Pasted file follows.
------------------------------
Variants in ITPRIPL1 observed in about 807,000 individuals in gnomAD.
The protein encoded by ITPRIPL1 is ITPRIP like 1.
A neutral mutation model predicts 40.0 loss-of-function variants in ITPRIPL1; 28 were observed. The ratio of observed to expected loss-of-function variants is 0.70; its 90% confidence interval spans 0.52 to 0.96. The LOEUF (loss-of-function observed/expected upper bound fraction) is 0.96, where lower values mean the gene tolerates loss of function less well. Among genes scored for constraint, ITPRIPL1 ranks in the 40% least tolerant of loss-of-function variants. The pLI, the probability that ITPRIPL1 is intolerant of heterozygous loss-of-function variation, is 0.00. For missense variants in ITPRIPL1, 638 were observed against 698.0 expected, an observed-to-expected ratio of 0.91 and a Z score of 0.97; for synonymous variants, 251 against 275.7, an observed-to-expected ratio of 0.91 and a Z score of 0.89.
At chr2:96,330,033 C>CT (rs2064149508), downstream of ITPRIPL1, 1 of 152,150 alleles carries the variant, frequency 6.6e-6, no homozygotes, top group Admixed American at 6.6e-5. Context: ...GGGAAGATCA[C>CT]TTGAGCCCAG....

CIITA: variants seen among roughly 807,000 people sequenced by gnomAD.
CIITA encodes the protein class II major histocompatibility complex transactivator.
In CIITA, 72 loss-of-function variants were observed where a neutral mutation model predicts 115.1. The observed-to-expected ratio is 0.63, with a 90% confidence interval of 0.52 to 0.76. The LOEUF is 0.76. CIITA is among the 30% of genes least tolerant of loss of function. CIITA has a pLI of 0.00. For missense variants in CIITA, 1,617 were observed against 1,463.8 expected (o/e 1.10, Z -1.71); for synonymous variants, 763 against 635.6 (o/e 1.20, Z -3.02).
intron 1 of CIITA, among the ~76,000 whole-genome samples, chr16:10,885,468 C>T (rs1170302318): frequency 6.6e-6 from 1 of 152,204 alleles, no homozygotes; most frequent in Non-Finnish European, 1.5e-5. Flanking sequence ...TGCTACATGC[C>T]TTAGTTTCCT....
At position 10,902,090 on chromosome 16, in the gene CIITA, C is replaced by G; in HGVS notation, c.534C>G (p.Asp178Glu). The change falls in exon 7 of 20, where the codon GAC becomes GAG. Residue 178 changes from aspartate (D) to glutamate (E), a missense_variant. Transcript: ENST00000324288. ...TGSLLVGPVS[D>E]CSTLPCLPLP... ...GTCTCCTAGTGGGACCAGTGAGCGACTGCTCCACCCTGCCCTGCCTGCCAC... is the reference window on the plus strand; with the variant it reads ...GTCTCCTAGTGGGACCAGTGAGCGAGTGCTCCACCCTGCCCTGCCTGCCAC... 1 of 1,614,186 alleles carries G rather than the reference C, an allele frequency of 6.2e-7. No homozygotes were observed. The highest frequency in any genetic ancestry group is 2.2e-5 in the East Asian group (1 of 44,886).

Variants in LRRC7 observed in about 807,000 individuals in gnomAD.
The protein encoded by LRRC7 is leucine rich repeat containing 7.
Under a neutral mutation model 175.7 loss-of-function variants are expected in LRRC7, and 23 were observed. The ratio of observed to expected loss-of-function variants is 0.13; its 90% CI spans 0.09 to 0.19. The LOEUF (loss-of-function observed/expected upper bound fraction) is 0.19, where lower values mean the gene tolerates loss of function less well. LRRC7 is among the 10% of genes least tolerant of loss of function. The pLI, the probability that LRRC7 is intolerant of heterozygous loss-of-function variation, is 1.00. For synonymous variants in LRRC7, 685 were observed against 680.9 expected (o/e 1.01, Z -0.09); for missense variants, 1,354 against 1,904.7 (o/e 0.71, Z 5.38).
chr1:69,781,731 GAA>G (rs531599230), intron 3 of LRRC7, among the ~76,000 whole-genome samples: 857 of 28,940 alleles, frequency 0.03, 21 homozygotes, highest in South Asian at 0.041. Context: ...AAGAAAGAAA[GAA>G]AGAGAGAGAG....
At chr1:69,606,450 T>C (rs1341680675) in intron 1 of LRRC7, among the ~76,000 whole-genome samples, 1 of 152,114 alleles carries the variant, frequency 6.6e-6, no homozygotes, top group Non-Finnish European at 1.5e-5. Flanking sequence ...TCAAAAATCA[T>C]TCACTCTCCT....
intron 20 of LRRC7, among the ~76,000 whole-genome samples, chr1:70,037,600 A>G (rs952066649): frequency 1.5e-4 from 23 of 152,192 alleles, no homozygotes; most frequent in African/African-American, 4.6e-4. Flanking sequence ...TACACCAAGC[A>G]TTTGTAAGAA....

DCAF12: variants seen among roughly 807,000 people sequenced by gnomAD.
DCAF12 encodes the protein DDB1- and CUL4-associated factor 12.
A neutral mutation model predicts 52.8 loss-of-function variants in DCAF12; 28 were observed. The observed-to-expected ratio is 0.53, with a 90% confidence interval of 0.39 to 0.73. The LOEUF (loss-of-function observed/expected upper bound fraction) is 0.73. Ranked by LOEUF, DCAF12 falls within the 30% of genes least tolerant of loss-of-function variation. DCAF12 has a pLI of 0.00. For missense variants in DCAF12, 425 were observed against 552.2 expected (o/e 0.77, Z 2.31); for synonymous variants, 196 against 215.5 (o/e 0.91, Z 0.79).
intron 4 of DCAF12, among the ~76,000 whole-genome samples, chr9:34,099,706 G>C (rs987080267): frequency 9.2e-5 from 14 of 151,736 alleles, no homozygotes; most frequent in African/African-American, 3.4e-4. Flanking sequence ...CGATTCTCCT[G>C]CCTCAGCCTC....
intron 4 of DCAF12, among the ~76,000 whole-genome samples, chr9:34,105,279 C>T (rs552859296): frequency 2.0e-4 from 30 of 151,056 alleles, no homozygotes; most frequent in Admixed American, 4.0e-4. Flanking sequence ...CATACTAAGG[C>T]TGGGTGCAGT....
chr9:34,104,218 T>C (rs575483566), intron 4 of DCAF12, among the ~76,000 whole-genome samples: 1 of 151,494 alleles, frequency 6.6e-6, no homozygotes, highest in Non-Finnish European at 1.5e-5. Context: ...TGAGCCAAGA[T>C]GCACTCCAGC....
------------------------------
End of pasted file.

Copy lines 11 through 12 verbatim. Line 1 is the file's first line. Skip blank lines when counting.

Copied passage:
The protein encoded by LRRC7 is leucine rich repeat containing 7.
Under a neutral mutation model 175.7 loss-of-function variants are expected in LRRC7, and 23 were observed. The ratio of observed to expected loss-of-function variants is 0.13; its 90% CI spans 0.09 to 0.19. The LOEUF (loss-of-function observed/expected upper bound fraction) is 0.19, where lower values mean the gene tolerates loss of function less well. LRRC7 is among the 10% of genes least tolerant of loss of function. The pLI, the probability that LRRC7 is intolerant of heterozygous loss-of-function variation, is 1.00. For synonymous variants in LRRC7, 685 were observed against 680.9 expected (o/e 1.01, Z -0.09); for missense variants, 1,354 against 1,904.7 (o/e 0.71, Z 5.38).